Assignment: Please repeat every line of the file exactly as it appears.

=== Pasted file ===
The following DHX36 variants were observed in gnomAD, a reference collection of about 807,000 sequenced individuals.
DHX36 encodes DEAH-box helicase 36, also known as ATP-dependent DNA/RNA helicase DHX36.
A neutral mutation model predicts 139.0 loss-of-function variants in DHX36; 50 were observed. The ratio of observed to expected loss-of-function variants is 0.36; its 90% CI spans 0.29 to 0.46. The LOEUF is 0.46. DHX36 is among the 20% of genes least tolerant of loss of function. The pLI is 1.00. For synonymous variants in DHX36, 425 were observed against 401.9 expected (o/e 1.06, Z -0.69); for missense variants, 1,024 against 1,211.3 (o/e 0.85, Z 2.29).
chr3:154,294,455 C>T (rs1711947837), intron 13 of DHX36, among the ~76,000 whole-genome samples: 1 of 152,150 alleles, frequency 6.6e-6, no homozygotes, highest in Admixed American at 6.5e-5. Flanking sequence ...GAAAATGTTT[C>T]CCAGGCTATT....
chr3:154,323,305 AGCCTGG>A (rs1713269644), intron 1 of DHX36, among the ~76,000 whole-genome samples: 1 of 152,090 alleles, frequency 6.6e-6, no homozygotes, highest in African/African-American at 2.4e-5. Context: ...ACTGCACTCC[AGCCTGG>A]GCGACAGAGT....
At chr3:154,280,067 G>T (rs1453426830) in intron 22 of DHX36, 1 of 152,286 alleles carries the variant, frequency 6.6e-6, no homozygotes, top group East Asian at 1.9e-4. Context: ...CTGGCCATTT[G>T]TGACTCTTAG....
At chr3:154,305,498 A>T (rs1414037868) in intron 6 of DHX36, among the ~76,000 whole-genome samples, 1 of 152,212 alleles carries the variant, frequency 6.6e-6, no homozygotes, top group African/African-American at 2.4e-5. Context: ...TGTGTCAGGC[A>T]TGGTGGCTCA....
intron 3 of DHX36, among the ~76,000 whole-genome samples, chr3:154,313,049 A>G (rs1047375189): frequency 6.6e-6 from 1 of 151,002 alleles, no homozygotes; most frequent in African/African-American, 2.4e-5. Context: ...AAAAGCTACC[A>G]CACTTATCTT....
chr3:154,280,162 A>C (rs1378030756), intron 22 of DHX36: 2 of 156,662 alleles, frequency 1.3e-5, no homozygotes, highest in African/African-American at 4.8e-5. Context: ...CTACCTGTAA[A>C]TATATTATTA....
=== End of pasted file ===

The following DHX36 variants were observed in gnomAD, a reference collection of about 807,000 sequenced individuals.
DHX36 encodes DEAH-box helicase 36, also known as ATP-dependent DNA/RNA helicase DHX36.
A neutral mutation model predicts 139.0 loss-of-function variants in DHX36; 50 were observed. The ratio of observed to expected loss-of-function variants is 0.36; its 90% CI spans 0.29 to 0.46. The LOEUF is 0.46. DHX36 is among the 20% of genes least tolerant of loss of function. The pLI is 1.00. For synonymous variants in DHX36, 425 were observed against 401.9 expected (o/e 1.06, Z -0.69); for missense variants, 1,024 against 1,211.3 (o/e 0.85, Z 2.29).
chr3:154,294,455 C>T (rs1711947837), intron 13 of DHX36, among the ~76,000 whole-genome samples: 1 of 152,150 alleles, frequency 6.6e-6, no homozygotes, highest in Admixed American at 6.5e-5. Flanking sequence ...GAAAATGTTT[C>T]CCAGGCTATT....
chr3:154,323,305 AGCCTGG>A (rs1713269644), intron 1 of DHX36, among the ~76,000 whole-genome samples: 1 of 152,090 alleles, frequency 6.6e-6, no homozygotes, highest in African/African-American at 2.4e-5. Context: ...ACTGCACTCC[AGCCTGG>A]GCGACAGAGT....
At chr3:154,280,067 G>T (rs1453426830) in intron 22 of DHX36, 1 of 152,286 alleles carries the variant, frequency 6.6e-6, no homozygotes, top group East Asian at 1.9e-4. Context: ...CTGGCCATTT[G>T]TGACTCTTAG....
At chr3:154,305,498 A>T (rs1414037868) in intron 6 of DHX36, among the ~76,000 whole-genome samples, 1 of 152,212 alleles carries the variant, frequency 6.6e-6, no homozygotes, top group African/African-American at 2.4e-5. Context: ...TGTGTCAGGC[A>T]TGGTGGCTCA....
intron 3 of DHX36, among the ~76,000 whole-genome samples, chr3:154,313,049 A>G (rs1047375189): frequency 6.6e-6 from 1 of 151,002 alleles, no homozygotes; most frequent in African/African-American, 2.4e-5. Context: ...AAAAGCTACC[A>G]CACTTATCTT....
chr3:154,280,162 A>C (rs1378030756), intron 22 of DHX36: 2 of 156,662 alleles, frequency 1.3e-5, no homozygotes, highest in African/African-American at 4.8e-5. Context: ...CTACCTGTAA[A>C]TATATTATTA....